A huge congratulations to Dr Sarah Knowles, who was awarded an ERC Starting Grant for her project titled: 'Causes and Consequences of the Mammalian Microbiota'.
Being awarded an ERC Starting Grant has honestly been the best moment of my career to date, I was absolutely thrilled to get the news. The fantastic thing about the ERC grant schemes is that they encourage “high risk, high reward” science. That meant I could think big, and propose a really ambitious project that tackles a fundamental question, with the most cutting-edge tools available. This makes for the most exciting science, that might be harder to fund without the ERC, through national funding agencies. I can’t wait to get started!
The aim of this ERC grant is to answer a key question about the role of symbiotic microbial communities – our so-called microbiome – in the lives of their hosts. That is – does the composition of these communities really matter for host fitness in the wild?
Biomedically focused research (in humans, and laboratory mice) clearly shows that mammals need some sort of microbiome to function normally, and that if we artificially perturb these communities, disease can arise. But a big open question is whether the sort of natural variation we see in wild populations plays an important role in shaping variation in host phenotypes, and ultimately host fitness. In this project we’ll tackle this question head on, using wild house mice as a model system and a combination of field observational work and controlled experiments.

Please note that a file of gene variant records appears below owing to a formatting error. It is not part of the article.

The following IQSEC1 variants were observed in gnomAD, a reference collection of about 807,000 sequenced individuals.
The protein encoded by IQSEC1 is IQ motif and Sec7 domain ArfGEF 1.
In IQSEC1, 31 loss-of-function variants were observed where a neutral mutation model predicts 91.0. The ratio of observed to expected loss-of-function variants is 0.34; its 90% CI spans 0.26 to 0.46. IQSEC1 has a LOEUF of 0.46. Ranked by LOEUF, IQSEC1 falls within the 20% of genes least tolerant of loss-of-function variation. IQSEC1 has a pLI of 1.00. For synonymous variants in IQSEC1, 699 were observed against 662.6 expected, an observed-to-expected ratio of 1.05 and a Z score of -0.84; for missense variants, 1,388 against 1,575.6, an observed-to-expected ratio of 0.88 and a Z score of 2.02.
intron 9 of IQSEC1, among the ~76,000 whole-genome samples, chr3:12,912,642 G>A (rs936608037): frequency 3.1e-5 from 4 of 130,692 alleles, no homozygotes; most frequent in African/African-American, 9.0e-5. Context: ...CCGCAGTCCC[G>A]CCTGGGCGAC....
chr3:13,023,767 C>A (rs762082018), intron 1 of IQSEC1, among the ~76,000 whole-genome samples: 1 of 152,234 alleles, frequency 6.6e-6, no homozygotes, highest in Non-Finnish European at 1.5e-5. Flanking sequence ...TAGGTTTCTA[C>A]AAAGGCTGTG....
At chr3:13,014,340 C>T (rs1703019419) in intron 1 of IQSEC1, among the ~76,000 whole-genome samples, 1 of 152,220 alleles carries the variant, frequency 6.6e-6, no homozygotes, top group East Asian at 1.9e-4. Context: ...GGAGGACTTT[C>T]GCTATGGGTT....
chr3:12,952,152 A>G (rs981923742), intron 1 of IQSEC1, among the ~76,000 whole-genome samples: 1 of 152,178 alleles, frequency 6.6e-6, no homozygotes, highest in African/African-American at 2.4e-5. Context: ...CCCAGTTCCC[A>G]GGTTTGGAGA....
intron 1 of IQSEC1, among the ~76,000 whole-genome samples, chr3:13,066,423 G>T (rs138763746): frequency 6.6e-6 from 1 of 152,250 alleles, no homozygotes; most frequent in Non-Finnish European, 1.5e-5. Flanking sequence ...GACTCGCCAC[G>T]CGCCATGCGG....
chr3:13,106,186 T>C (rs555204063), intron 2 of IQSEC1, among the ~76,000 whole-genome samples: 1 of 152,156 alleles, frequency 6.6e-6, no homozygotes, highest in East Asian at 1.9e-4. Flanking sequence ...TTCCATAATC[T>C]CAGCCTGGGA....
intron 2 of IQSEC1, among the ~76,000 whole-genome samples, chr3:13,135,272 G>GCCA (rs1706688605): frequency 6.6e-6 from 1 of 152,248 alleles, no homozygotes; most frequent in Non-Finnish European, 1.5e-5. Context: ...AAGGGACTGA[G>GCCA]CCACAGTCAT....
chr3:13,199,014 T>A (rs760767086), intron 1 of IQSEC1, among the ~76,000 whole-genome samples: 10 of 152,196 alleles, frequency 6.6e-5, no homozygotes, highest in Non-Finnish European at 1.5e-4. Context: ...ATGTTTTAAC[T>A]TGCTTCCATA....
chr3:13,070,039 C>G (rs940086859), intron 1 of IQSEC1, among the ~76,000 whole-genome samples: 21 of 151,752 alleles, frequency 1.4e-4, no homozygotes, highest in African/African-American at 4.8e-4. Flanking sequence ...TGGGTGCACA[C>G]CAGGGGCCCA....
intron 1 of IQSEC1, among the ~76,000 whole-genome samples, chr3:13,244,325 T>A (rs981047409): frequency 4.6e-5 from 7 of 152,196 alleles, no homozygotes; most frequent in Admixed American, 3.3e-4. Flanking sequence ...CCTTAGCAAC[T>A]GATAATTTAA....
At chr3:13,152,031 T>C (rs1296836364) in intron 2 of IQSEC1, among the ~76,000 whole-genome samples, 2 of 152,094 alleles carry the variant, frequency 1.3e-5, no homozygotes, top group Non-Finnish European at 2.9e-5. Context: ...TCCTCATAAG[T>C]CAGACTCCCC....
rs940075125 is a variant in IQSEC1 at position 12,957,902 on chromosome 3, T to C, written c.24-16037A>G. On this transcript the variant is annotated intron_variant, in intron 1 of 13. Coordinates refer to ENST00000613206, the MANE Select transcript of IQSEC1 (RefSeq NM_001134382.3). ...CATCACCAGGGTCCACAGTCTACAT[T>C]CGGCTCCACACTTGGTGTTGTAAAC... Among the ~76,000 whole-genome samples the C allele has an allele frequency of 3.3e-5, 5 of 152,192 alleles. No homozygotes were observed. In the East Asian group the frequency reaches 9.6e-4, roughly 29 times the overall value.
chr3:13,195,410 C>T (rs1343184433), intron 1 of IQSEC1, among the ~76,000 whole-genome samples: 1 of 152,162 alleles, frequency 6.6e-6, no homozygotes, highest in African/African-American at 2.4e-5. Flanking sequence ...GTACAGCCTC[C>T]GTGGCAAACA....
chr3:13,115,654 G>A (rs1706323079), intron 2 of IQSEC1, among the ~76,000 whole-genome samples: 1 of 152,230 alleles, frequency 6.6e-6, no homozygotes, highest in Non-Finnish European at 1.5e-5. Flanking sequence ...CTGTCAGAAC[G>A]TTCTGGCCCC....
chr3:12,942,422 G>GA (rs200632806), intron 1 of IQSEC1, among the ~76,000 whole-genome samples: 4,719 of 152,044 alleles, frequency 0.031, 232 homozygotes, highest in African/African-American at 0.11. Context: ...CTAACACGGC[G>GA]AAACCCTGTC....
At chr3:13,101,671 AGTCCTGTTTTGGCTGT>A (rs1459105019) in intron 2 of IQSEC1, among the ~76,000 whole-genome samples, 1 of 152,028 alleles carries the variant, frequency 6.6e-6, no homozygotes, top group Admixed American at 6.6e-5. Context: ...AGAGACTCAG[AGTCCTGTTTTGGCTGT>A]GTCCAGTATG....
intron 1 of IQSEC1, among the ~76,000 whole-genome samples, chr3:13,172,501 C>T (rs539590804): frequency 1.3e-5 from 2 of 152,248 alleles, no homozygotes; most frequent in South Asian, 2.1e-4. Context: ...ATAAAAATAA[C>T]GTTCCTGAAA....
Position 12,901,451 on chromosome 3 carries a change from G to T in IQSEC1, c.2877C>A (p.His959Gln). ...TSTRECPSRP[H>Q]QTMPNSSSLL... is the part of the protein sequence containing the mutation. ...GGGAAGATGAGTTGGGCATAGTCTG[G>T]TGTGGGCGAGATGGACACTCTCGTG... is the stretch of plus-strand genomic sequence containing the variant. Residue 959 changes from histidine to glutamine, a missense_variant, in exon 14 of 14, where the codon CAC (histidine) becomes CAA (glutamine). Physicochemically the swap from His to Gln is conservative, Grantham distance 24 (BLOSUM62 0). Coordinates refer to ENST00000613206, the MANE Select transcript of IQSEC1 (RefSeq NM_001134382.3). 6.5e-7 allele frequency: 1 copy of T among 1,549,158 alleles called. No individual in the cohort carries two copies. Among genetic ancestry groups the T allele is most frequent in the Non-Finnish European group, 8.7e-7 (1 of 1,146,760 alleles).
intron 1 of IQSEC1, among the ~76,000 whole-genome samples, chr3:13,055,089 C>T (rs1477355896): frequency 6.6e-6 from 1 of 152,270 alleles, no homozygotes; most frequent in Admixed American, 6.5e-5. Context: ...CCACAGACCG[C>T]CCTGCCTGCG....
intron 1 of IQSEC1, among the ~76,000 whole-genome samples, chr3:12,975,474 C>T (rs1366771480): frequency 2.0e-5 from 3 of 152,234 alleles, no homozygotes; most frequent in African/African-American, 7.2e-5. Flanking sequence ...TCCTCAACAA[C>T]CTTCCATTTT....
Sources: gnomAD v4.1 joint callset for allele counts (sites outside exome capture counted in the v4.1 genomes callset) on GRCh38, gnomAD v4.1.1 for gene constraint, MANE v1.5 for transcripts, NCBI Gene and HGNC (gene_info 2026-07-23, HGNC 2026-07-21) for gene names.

The funding will be used to hire two postdoctoral researchers, and set up two major components needed for the work. The funding will enable us to establish a long-term field study of house mice on the island of Skokholm, just off the Welsh coast. By carefully monitoring these mice and their microbiomes over time, we aim to unpick the drivers of microbiome variation, and whether the microbiome predicts fitness-related traits (physiological traits, survival and reproduction). Second, we’ll set up a new gnotobiotic facility, which we’ll use to carry out faecal transplant experiments later in the project. For this, we’ll take different microbiomes from our wild island mice and transfer them into germ-free animals, to test what effect they have on the same phenotypes measured in the field, allowing causal inference.